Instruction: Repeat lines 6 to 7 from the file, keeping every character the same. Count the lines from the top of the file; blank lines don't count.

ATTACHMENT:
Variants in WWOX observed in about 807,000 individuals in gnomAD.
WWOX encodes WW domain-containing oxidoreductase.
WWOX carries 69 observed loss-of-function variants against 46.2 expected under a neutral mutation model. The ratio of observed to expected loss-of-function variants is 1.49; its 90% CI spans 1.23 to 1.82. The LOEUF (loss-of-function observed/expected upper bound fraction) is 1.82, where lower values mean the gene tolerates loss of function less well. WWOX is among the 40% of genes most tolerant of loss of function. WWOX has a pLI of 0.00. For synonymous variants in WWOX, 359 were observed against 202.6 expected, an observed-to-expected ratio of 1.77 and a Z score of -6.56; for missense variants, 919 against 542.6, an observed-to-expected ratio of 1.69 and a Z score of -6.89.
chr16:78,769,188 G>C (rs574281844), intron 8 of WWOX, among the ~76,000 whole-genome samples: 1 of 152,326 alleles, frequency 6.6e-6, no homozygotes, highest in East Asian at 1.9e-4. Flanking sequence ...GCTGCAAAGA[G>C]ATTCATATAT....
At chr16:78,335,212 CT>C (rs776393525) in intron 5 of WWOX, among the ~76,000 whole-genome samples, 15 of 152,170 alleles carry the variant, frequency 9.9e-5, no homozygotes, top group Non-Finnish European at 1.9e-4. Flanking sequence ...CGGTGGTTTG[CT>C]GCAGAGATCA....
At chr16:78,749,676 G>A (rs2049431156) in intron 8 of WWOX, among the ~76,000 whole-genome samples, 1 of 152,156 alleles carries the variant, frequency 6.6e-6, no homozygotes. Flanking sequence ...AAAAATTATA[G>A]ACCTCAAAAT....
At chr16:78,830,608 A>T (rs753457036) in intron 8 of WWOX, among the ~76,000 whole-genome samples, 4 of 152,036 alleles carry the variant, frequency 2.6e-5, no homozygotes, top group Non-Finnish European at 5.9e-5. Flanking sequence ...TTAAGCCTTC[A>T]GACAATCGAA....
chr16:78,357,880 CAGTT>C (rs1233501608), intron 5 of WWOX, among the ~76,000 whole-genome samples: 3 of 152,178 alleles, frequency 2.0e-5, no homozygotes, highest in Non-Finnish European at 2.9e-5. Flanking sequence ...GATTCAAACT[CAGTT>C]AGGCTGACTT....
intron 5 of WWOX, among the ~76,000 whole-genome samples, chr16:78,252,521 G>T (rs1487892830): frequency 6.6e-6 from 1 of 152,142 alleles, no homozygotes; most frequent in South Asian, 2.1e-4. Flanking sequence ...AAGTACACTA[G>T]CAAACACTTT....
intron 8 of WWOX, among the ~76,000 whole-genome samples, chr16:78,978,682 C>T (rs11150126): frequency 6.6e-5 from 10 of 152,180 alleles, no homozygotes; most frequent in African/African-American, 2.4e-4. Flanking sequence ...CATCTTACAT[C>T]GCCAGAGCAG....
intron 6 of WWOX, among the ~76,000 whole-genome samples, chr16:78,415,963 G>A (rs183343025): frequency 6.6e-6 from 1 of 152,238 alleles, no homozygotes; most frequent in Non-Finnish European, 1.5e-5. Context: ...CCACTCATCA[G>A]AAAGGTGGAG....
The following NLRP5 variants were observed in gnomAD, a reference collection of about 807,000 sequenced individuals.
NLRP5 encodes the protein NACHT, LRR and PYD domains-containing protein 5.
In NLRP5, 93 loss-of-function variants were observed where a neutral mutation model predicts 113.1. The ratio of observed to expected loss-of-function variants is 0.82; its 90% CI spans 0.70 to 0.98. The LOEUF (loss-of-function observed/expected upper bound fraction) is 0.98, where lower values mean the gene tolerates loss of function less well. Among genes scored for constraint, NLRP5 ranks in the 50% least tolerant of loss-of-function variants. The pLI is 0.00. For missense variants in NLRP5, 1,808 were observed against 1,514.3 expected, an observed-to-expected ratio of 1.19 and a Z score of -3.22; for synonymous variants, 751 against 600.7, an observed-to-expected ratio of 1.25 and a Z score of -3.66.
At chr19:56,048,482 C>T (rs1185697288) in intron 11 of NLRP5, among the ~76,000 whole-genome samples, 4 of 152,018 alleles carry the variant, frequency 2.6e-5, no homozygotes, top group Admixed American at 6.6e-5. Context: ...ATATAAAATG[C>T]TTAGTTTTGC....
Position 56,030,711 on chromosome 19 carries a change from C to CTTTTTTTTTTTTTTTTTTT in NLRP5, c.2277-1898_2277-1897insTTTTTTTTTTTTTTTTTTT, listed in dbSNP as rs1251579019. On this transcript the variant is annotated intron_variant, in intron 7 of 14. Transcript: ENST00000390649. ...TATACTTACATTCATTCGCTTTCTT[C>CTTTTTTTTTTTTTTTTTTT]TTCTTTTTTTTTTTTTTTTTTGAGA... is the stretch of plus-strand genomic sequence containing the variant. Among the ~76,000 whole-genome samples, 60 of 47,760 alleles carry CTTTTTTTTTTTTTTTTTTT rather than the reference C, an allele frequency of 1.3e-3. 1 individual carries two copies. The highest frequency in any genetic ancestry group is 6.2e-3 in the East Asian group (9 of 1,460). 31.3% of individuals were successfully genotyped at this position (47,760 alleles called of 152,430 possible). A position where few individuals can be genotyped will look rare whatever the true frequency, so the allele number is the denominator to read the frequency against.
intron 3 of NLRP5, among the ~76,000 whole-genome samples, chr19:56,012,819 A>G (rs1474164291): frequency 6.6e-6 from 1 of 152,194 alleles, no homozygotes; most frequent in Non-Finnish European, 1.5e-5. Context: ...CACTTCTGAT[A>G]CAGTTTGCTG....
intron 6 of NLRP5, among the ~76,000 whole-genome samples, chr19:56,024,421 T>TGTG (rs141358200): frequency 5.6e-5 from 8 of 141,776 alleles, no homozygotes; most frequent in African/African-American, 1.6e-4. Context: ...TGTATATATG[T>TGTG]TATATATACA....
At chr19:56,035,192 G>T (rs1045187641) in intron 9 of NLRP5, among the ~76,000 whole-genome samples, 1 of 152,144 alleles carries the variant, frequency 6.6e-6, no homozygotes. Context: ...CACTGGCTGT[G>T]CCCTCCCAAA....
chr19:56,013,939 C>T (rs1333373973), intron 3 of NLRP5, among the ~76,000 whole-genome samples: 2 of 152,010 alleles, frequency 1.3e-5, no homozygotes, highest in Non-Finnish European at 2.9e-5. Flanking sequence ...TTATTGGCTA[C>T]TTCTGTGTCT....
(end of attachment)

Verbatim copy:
At chr16:78,749,676 G>A (rs2049431156) in intron 8 of WWOX, among the ~76,000 whole-genome samples, 1 of 152,156 alleles carries the variant, frequency 6.6e-6, no homozygotes. Flanking sequence ...AAAAATTATA[G>A]ACCTCAAAAT....
At chr16:78,830,608 A>T (rs753457036) in intron 8 of WWOX, among the ~76,000 whole-genome samples, 4 of 152,036 alleles carry the variant, frequency 2.6e-5, no homozygotes, top group Non-Finnish European at 5.9e-5. Flanking sequence ...TTAAGCCTTC[A>T]GACAATCGAA....